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  6. Sjm9911

    Sjm9911 Well-Known Member

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    The inflatables would surprise you, they can handle a lot. Mine was in the ocean, white water, class 3 ( i thought more class 2) rivers lakes and more. Had it for over 10 years and still holds up well.
     
  7. Arruba

    Arruba Active Member

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    I have a 10ft inflatable pontoon boat. I personally find it very useful. Inflated and with the rowing frame, it weighs about 80lbs. It can be folded up and hauled, but everything is easier if I keep it aired up and assembled. It is pretty simple to load and haul. I've hauled it car top, pickup bed and pup roof. Packing it a long way by myself is a drag. Luckily there are wheel kits available for it, as well as for most inflatables/car topper type boats.

    I you have some interests you're passionate about that a boat like you have in mind would facilitate, then certainly consider one.
     
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  8. generok

    generok Well-Known Member

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    We were thinking about an inflatable we could load in the UTV and explore some remote lakes. The Sea Eagle looks AWESOME, so thanks to this thread for turning me on to that one!
     
  9. jmkay1

    jmkay1 2004 Fleetwood/Coleman Utah

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    I second this, and it could even handle my dogs claws walking on it. I've taken it in some streams and had it drag on the bottom and no leaks. A few sharp rocks hit it never a problem. Now I don't doubt something could happen if you hit something hard enough. My sea eagle kayak did come with a puncture kit, but I've never had to use it. However I had a valve crack somehow. Those valves are under a lot of pressure and it just looks like a pressure crack. So maybe I inflated it too well. I ended up glueing and sealing the crack and sanded down the top of the valve where a piece was sticking up. It managed to form a tight enough seal to use it again but sadly the boat lost its appeal to me especially when a friend of mine gave me a deal on a used hard shell kayak I couldn't refuse.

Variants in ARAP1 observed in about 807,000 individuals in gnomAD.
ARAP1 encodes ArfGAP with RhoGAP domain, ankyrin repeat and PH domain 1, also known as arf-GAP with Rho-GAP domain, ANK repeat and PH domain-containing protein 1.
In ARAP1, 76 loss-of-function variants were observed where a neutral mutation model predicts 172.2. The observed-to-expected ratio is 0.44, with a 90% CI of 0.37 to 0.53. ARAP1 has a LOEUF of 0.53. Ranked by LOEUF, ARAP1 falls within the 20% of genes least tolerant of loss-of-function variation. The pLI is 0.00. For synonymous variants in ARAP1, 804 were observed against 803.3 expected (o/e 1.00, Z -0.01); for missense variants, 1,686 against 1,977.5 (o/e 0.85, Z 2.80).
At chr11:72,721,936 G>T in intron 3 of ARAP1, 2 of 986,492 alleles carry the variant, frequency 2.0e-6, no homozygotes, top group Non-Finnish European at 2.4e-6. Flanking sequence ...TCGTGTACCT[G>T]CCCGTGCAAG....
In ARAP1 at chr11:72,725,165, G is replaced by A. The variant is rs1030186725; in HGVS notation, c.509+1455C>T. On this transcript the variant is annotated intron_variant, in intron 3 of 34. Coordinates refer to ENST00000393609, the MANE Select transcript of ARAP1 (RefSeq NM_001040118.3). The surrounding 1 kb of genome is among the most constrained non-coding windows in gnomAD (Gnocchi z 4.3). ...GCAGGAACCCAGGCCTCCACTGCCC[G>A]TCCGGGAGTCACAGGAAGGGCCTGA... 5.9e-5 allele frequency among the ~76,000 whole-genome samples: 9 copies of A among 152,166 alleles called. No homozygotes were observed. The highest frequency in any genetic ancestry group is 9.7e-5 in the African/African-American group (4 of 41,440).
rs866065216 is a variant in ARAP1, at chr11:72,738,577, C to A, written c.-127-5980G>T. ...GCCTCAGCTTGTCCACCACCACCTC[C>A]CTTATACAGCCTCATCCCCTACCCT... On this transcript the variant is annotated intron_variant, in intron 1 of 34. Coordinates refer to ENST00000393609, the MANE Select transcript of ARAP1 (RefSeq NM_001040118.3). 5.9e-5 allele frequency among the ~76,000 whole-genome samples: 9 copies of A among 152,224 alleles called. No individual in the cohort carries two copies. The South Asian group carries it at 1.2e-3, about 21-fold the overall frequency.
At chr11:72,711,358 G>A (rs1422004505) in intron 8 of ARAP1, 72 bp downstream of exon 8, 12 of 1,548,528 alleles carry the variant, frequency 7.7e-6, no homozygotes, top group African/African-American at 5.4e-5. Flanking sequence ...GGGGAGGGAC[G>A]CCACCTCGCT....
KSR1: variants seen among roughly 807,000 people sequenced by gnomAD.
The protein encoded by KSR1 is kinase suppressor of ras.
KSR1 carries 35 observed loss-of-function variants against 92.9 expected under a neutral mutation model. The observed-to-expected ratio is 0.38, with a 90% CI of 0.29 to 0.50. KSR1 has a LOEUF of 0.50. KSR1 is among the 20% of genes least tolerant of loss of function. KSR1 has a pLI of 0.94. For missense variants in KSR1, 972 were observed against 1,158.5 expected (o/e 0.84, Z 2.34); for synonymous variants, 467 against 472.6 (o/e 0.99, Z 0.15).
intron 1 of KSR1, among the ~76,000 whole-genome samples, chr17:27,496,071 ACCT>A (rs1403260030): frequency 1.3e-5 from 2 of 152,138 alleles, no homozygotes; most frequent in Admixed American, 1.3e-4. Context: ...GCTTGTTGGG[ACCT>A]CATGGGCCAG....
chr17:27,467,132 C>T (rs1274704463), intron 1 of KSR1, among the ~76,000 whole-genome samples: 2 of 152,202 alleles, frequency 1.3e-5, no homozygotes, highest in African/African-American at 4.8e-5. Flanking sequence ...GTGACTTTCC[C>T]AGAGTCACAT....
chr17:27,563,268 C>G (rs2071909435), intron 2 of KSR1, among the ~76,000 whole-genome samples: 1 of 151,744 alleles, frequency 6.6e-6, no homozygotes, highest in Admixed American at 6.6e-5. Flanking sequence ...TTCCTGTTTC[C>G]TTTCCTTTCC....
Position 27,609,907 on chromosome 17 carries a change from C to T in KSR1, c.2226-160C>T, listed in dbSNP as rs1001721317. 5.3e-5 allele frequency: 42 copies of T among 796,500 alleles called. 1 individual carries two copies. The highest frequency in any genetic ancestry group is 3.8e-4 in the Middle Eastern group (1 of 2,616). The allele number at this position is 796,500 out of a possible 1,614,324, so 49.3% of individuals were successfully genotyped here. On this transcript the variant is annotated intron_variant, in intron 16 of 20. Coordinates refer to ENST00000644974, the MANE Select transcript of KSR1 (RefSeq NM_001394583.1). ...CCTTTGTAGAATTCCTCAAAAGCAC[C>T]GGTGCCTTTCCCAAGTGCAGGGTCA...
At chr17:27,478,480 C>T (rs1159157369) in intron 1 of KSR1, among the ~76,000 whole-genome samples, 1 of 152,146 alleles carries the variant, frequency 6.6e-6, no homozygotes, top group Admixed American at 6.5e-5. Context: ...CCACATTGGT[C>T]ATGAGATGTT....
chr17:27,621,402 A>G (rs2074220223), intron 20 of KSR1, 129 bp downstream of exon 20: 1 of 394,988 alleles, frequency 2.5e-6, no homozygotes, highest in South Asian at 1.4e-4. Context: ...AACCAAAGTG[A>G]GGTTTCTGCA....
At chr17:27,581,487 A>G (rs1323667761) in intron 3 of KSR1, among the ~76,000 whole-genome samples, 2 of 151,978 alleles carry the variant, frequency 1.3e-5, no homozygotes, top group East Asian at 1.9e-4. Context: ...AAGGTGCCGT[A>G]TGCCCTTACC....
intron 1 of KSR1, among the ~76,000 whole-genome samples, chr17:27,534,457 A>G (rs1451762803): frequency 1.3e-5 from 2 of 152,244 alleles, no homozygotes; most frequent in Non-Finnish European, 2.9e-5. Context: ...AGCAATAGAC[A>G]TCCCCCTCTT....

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  10. emoney

    emoney Well-Known Member

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    I had that hypalon dinghy for a bit and didn’t worry about scrapes because it had a wood floor. The one I’m considering is aluminum but I kinda like the idea about the ladder rack sup/yak idea too. Then again with the rack I could probably leave the dinghy inflated and strapped on top. Lots to consider but I will go one way or the other because I love the water.
     
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  11. gladecreekwy

    gladecreekwy Well-Known Member

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    04D71A3A-82AE-4AB9-BF70-9DA074F0BF81.jpeg CD18FF3C-AD1D-4438-827E-2488D3CCC16B.jpeg When the choice is boat or no boat always choose boat. I have an 8’ one person pontoon that only weighs 45 lbs. with frame. It can handle a trolling motor and packs into a large duffel. Great for rivers and lakes. My wife drives me upstream from our site and I fish/float back. The top pic is the last time I used it this season
     
    Last edited: Dec 13, 2018